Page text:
A new season of Heroes and the biology of regeneration
Claire from Heroes has a genetic mutation that allows her to regenerate.
Tonight’s Heroes premiere was one of the most anticipated new shows of the fall season. While the idea that a genetic mutation could allow someone to freeze time, read minds or defy gravity requires a small suspension of disbelief, there is one heroic genotype that scientists are currently exploring for it’s real world applications.
Claire has been one of my favorite characters in the series, and not just because she was the only one in her class who knew that Charles Darwin is famous for the term "survival of the fittest" (though it was actually Herbert Spencer who coined the phrase). I've always been fascinated with the possibility that humans could one day understand cellular mechanisms well enough to regrow damaged tissues, even stave off the inevitable. Now it seems we have the capability within our reach.
According to the journal Science the new field of “regenerative medicine” is one in which cells, tissues, even entire limbs that have been damaged by disease, injury, or aging could be regrown by studying the abilities of the humble salamander.
A salamander can regenerate its limbs and tail, upper and lower jaws, ocular tissues such as the lens and retina, the intestine, and small sections of the heart. . . The salamanders are unusual among adult vertebrates in their ability to regenerate an entire limb from a blastema.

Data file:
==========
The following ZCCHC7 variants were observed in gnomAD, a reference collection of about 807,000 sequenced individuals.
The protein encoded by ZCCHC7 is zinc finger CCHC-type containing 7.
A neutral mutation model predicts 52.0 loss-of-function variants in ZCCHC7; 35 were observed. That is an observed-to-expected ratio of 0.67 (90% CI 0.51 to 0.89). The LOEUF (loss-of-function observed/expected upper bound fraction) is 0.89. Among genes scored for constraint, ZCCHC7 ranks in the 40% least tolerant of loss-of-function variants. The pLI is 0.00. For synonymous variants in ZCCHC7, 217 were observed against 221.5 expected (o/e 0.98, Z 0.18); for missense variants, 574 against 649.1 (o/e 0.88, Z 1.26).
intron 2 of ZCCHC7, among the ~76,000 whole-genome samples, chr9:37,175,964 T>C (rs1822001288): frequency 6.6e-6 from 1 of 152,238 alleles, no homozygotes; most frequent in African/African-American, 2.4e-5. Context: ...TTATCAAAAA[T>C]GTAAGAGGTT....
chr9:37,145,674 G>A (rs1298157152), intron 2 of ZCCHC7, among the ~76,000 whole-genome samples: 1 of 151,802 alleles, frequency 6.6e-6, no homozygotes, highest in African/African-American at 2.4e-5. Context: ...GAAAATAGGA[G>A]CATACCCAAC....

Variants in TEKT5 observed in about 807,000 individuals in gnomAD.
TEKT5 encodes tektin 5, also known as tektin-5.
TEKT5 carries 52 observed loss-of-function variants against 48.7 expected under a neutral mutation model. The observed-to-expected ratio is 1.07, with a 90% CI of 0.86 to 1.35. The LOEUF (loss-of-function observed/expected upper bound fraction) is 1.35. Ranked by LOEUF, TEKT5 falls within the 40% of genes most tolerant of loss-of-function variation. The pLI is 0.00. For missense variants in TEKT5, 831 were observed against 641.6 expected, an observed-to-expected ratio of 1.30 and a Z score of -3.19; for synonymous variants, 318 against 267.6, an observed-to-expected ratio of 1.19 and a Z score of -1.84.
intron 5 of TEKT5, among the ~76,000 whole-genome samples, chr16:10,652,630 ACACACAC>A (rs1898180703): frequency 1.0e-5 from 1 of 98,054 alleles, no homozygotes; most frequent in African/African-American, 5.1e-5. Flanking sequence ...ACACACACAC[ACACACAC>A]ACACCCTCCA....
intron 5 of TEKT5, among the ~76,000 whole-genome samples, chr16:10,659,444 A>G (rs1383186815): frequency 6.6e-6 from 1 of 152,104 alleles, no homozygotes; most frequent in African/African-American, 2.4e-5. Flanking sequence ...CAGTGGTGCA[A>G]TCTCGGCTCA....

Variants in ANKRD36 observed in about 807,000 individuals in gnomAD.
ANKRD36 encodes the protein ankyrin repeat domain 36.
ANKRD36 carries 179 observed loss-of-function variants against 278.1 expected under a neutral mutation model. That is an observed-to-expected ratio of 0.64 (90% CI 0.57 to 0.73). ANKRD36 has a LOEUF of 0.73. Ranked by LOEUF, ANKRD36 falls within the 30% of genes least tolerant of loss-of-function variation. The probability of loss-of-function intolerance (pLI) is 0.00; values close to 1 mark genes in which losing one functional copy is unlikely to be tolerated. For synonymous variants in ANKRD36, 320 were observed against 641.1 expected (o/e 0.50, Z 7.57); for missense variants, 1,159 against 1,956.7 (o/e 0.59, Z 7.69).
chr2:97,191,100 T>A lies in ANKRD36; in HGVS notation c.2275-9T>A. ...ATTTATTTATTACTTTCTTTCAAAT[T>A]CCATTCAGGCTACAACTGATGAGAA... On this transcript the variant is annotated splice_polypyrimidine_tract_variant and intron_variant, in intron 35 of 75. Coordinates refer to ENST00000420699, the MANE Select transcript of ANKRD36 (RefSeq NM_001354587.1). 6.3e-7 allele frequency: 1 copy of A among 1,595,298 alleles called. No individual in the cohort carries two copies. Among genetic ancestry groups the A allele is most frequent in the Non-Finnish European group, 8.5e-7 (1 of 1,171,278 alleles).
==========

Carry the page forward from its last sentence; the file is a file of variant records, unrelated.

The blastema is a mass of undifferentiated cells that develops into an organ or appendage following a specific pathway for a specific tissue. This is what allows us to regenerate skin and parts of our livers. However, in salamanders the blastema “dedifferentiate” and lose their specific characteristics in order to regenerate an entire limb, tail, even a new brain. This has led to a rush to understand the unique qualities of the salamander’s blastema.
Writing in the journal Molecular Interventions, biologist Panagiotis Tsonis suggests that these abilities might not be too far removed from what we currently understand about stem cells.
In the past few years, however, many studies have shown that stem cells––cells that are reserved and used for repair––might have greater potential for regeneration than originally thought.
Tsonis highlights a newly discovered chemical compound called reversine (because it reverses the cellular process of differentiation and allows progenitor cells to turn into stem cells) and suggests that we could conceivably reengineer human stem cells to behave like salamander blastemas.
Already this research is showing exciting results in the regrowth of fingers. Is it too much of a stretch that one day future cheerleaders could do backflips from an elevated platform without a mat? Perhaps. And while the genetics for regeneration exist, it would be impossible for such a complex mutation to occur in a single generation. Humans and salamanders shared a common ancestor about 350 million years ago. While we share enough in common that we can learn a great deal about applications for regenerative medicine, leaping to such ability would require a heroic imagination.